During his lunch breaks, Hirayama enjoys quick and simple meals surrounded by the lush greenery of Yoyogi-Hachiman Shrine close to one of the public toilets. After work, he washes off the day’s grime in a public bath, has dinner and a single drink at an izakaya in Asakusa Station’s underground shopping area, and returns home to fall asleep while reading a book.
Every day appears to be a repetition of this process, but little by little the viewer notices small changes. The weather and temperature slowly change, and coworkers do not always turn up to work. There are numerous unexpected encounters. Hirayama’s personality is also gradually revealed in the way he pursues his small hobbies on his days off.
What Is a Perfect Day?
The movie’s title references the song “Perfect Day” by Lou Reed, also featured in the film. Reed was another artist that Wenders admired. Unlike with Ozu, though, Wenders had the chance to interact with Reed and he has featured his music and even asked Reed to appear in previous films.
Lou Reed, who passed away in 2013 at the age of 71, was the frontman of the iconic band Velvet Underground. Their debut studio album The Velvet Underground and Nico was recorded in 1966 with Andy Warhol as producer. The band is widely recognized to have profoundly influenced the alternative rock scene of later generations even after disbanding in 1973. Reed left the band earlier, in 1970, and “Perfect Day” is from Reed’s second solo album Transformer, released in 1972 and produced by David Bowie and Mick Ronson.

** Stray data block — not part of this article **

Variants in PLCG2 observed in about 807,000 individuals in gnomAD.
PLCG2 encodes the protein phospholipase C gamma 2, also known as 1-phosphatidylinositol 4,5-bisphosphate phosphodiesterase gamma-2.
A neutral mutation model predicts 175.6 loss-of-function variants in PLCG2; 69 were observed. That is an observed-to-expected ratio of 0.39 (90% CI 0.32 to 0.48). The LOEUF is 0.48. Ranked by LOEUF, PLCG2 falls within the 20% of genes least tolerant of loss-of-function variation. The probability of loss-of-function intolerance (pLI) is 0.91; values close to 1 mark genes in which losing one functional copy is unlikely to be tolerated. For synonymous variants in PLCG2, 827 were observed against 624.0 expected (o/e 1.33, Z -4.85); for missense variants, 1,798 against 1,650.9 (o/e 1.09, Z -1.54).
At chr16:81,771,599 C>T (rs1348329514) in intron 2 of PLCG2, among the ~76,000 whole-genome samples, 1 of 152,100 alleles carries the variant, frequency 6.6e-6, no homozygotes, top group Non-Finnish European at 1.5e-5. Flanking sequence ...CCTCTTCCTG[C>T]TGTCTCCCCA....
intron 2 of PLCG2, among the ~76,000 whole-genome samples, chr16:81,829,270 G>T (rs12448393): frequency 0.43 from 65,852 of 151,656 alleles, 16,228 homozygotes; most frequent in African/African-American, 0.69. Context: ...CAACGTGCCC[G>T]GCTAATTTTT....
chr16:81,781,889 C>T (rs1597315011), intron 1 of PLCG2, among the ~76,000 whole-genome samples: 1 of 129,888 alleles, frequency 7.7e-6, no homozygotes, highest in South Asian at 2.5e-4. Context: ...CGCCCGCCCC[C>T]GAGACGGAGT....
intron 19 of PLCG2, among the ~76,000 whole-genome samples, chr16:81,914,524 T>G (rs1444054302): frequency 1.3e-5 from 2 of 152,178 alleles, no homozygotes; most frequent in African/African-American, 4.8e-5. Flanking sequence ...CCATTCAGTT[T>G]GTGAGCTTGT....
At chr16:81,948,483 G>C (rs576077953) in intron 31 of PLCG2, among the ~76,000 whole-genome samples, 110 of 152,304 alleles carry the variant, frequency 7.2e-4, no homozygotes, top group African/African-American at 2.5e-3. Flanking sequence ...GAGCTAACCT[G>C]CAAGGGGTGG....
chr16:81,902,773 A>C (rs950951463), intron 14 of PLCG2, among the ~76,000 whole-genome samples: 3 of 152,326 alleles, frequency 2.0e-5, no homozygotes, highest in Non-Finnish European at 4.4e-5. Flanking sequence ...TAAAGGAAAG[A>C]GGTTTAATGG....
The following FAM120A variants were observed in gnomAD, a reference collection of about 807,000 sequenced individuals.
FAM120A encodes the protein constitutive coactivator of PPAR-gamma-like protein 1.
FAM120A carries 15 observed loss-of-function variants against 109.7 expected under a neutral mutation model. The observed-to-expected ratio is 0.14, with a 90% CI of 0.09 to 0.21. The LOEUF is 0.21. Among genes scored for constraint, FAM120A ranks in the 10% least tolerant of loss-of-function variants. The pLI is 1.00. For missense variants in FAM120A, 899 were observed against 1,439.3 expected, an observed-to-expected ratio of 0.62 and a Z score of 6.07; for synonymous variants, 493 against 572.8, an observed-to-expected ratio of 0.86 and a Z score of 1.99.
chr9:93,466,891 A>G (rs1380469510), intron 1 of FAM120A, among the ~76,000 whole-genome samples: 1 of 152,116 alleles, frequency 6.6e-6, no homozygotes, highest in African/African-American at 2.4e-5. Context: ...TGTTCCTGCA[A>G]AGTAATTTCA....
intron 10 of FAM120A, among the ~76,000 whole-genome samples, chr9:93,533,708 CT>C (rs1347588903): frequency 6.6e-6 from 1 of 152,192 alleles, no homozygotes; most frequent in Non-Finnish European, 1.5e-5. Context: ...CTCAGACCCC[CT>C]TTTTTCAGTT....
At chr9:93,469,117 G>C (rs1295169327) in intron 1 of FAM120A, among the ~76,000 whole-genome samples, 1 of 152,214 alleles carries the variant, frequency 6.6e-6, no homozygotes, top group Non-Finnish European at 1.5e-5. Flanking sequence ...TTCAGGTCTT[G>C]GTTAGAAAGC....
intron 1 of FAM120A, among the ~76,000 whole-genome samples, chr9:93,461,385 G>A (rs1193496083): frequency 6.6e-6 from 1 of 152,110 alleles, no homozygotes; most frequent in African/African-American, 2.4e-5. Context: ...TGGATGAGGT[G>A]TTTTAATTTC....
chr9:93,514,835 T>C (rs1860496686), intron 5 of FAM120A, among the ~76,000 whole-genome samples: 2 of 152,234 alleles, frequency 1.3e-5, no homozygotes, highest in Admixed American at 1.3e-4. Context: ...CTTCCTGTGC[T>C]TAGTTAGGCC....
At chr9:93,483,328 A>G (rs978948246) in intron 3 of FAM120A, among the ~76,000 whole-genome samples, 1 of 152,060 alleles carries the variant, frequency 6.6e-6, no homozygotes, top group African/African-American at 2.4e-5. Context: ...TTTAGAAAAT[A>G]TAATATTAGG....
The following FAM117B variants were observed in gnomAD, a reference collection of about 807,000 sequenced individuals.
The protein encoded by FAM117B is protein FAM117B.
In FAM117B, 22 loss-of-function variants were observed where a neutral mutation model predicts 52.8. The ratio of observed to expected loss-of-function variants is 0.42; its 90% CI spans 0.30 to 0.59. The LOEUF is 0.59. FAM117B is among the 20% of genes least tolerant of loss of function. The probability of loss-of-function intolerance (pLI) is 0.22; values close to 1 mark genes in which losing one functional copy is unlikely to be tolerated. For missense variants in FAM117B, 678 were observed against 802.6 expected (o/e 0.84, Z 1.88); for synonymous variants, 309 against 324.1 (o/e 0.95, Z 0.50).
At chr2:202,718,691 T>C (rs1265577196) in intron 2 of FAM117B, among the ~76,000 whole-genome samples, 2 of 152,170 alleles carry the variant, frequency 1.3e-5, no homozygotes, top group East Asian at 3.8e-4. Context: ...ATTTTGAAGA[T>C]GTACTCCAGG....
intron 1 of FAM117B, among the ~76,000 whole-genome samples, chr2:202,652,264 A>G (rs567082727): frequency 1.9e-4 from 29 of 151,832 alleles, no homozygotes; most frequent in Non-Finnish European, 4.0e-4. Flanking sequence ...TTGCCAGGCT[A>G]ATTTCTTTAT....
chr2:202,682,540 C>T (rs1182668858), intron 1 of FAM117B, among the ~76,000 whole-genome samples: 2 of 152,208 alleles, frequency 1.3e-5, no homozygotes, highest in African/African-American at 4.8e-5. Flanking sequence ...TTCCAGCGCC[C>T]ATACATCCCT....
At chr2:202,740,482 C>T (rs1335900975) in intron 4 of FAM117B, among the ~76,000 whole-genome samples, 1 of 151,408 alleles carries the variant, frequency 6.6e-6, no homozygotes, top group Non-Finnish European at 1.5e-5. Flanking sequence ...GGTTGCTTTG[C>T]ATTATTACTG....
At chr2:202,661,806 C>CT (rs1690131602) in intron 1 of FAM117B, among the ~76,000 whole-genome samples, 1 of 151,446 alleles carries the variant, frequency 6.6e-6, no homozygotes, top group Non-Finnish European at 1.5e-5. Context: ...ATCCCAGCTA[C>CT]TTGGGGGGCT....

“Perfect Day” is in one sense a simple but beautiful love song about an ordinary day spent with a loved one. However, some of its lyrics seem out of place for a love song. The subtext suggests that outside of this perfect day there are bitterness, life regrets, and darkness.
The film’s title is actually a pluralized form of the song title referring to “uneventful,” repetitive days spent by a seemingly content Hirayama. However, given Wenders’ deep affinity for Lou Reed’s music, he is also hinting at the presence of harsh realities in the background of Hirayama’s daily life.
The song also ends with a refrain of a biblical verse: “You’re going to reap just what you sow.” This could be taken two ways: One is that by being patient and doing good now, you will be rewarded in the future; alternatively, it could mean that the adverse situation one is currently experiencing is a “reward” for past misdeeds.
Reaping What One Sows
Wenders’s depiction of Hirayama is of a man who does not follow the trends of the world and lives without a television or access to the internet. He listens to old Western music on cassettes, loves film cameras, and reads books. Such people exist today, although they are probably relatively uncommon. But Yakusho’s portrayal of Hirayama makes him seem both ordinary and extraordinary. He is disciplined, but not narrow-minded, and his character is full of lovable humanity. The viewer wonders why Hirayama lives so selflessly, why he never talks at length about himself, and why he devotes so much care to a job that most people do their best to avoid.